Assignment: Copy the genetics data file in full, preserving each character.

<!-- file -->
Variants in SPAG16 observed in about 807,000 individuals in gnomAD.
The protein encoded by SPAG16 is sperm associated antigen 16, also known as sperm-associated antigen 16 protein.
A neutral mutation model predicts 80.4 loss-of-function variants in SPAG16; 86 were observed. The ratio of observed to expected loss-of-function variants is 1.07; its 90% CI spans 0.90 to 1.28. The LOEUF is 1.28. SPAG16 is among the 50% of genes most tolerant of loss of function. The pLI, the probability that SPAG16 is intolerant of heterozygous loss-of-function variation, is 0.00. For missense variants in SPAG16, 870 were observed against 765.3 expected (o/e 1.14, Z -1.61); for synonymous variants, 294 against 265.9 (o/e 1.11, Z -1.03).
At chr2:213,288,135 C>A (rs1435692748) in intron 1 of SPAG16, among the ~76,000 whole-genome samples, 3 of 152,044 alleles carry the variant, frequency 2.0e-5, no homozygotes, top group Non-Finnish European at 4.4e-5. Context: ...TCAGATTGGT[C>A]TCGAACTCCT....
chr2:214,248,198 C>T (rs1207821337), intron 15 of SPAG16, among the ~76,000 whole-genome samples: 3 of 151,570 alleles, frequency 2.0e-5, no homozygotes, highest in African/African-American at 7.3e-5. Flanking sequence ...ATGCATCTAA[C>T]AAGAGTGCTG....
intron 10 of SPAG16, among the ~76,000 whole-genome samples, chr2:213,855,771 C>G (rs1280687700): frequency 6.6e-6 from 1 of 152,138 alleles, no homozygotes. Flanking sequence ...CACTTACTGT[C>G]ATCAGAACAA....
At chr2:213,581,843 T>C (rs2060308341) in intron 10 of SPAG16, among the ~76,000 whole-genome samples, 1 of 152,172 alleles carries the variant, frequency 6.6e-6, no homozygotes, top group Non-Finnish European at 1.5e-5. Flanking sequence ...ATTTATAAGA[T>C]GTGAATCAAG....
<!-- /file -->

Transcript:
Variants in SPAG16 observed in about 807,000 individuals in gnomAD.
The protein encoded by SPAG16 is sperm associated antigen 16, also known as sperm-associated antigen 16 protein.
A neutral mutation model predicts 80.4 loss-of-function variants in SPAG16; 86 were observed. The ratio of observed to expected loss-of-function variants is 1.07; its 90% CI spans 0.90 to 1.28. The LOEUF is 1.28. SPAG16 is among the 50% of genes most tolerant of loss of function. The pLI, the probability that SPAG16 is intolerant of heterozygous loss-of-function variation, is 0.00. For missense variants in SPAG16, 870 were observed against 765.3 expected (o/e 1.14, Z -1.61); for synonymous variants, 294 against 265.9 (o/e 1.11, Z -1.03).
At chr2:213,288,135 C>A (rs1435692748) in intron 1 of SPAG16, among the ~76,000 whole-genome samples, 3 of 152,044 alleles carry the variant, frequency 2.0e-5, no homozygotes, top group Non-Finnish European at 4.4e-5. Context: ...TCAGATTGGT[C>A]TCGAACTCCT....
chr2:214,248,198 C>T (rs1207821337), intron 15 of SPAG16, among the ~76,000 whole-genome samples: 3 of 151,570 alleles, frequency 2.0e-5, no homozygotes, highest in African/African-American at 7.3e-5. Flanking sequence ...ATGCATCTAA[C>T]AAGAGTGCTG....
intron 10 of SPAG16, among the ~76,000 whole-genome samples, chr2:213,855,771 C>G (rs1280687700): frequency 6.6e-6 from 1 of 152,138 alleles, no homozygotes. Flanking sequence ...CACTTACTGT[C>G]ATCAGAACAA....
At chr2:213,581,843 T>C (rs2060308341) in intron 10 of SPAG16, among the ~76,000 whole-genome samples, 1 of 152,172 alleles carries the variant, frequency 6.6e-6, no homozygotes, top group Non-Finnish European at 1.5e-5. Flanking sequence ...ATTTATAAGA[T>C]GTGAATCAAG....